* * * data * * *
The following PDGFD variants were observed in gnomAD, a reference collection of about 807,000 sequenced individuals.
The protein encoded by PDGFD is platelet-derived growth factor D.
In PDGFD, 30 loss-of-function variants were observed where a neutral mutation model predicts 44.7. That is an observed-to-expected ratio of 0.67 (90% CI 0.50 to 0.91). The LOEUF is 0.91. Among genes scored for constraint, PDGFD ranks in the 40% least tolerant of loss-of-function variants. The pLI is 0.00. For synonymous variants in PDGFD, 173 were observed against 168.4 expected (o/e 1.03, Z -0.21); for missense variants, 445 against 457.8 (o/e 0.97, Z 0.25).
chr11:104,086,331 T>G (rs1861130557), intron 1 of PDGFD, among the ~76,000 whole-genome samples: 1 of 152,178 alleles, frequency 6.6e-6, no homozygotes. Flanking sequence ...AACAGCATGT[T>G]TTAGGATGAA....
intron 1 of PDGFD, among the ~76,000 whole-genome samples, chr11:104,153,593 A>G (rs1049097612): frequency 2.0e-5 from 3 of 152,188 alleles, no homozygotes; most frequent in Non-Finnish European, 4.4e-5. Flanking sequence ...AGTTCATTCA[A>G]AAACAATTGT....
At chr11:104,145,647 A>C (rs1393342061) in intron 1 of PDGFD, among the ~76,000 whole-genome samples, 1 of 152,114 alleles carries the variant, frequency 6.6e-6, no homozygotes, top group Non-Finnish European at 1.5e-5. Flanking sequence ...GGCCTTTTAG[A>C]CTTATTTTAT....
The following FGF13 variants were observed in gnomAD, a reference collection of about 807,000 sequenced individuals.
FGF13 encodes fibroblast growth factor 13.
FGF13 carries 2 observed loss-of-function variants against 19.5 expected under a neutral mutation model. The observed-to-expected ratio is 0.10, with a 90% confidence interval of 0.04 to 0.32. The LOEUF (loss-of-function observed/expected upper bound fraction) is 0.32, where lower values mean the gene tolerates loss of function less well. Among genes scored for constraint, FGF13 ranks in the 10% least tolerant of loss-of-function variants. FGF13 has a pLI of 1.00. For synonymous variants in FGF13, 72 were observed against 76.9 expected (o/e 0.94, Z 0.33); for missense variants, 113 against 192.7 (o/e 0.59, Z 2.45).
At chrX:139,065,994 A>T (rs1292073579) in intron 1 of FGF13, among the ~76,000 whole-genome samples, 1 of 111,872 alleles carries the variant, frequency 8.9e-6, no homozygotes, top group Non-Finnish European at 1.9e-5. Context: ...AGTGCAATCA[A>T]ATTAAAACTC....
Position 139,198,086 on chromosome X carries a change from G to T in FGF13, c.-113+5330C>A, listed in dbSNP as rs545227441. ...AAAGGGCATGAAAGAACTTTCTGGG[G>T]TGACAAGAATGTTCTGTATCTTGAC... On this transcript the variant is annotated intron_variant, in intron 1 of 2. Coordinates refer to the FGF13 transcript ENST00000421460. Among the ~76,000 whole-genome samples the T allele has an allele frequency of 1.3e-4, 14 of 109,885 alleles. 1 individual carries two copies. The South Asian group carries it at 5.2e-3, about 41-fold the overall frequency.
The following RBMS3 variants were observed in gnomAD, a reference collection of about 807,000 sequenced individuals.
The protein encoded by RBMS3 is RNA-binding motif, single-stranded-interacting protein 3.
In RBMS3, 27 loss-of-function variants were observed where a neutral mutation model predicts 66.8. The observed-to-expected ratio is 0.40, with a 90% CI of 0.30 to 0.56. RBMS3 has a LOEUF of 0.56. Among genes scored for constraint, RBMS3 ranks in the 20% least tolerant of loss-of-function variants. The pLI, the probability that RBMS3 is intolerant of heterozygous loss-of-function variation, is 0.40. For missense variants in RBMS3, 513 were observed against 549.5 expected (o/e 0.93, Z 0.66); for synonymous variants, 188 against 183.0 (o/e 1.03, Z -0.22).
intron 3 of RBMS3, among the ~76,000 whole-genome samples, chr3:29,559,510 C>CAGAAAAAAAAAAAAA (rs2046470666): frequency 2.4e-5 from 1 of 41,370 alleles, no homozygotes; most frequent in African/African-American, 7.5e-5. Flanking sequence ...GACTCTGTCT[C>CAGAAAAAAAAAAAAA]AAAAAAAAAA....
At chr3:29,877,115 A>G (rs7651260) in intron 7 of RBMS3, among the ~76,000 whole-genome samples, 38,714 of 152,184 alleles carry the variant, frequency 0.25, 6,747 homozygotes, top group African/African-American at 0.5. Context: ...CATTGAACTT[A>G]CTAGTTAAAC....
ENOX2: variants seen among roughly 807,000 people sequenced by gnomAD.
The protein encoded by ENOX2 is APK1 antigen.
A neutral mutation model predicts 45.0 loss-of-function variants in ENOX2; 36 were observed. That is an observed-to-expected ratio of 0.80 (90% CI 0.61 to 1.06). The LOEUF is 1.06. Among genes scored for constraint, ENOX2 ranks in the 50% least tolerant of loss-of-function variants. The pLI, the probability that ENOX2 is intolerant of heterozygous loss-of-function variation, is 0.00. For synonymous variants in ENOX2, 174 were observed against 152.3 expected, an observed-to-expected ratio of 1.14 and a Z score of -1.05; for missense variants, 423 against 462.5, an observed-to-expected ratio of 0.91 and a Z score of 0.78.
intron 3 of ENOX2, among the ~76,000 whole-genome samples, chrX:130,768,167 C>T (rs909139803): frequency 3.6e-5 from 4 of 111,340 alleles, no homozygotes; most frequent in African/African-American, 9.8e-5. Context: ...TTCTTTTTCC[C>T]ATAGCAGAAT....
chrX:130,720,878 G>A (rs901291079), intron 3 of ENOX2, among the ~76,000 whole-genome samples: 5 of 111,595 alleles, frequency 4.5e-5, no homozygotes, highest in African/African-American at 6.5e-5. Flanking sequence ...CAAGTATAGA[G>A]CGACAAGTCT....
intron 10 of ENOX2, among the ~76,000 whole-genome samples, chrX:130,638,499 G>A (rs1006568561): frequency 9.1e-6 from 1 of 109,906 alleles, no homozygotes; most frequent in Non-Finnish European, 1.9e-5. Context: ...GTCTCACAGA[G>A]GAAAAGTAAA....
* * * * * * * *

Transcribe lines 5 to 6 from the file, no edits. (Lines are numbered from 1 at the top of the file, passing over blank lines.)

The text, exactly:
intron 1 of PDGFD, among the ~76,000 whole-genome samples, chr11:104,153,593 A>G (rs1049097612): frequency 2.0e-5 from 3 of 152,188 alleles, no homozygotes; most frequent in Non-Finnish European, 4.4e-5. Flanking sequence ...AGTTCATTCA[A>G]AAACAATTGT....
At chr11:104,145,647 A>C (rs1393342061) in intron 1 of PDGFD, among the ~76,000 whole-genome samples, 1 of 152,114 alleles carries the variant, frequency 6.6e-6, no homozygotes, top group Non-Finnish European at 1.5e-5. Flanking sequence ...GGCCTTTTAG[A>C]CTTATTTTAT....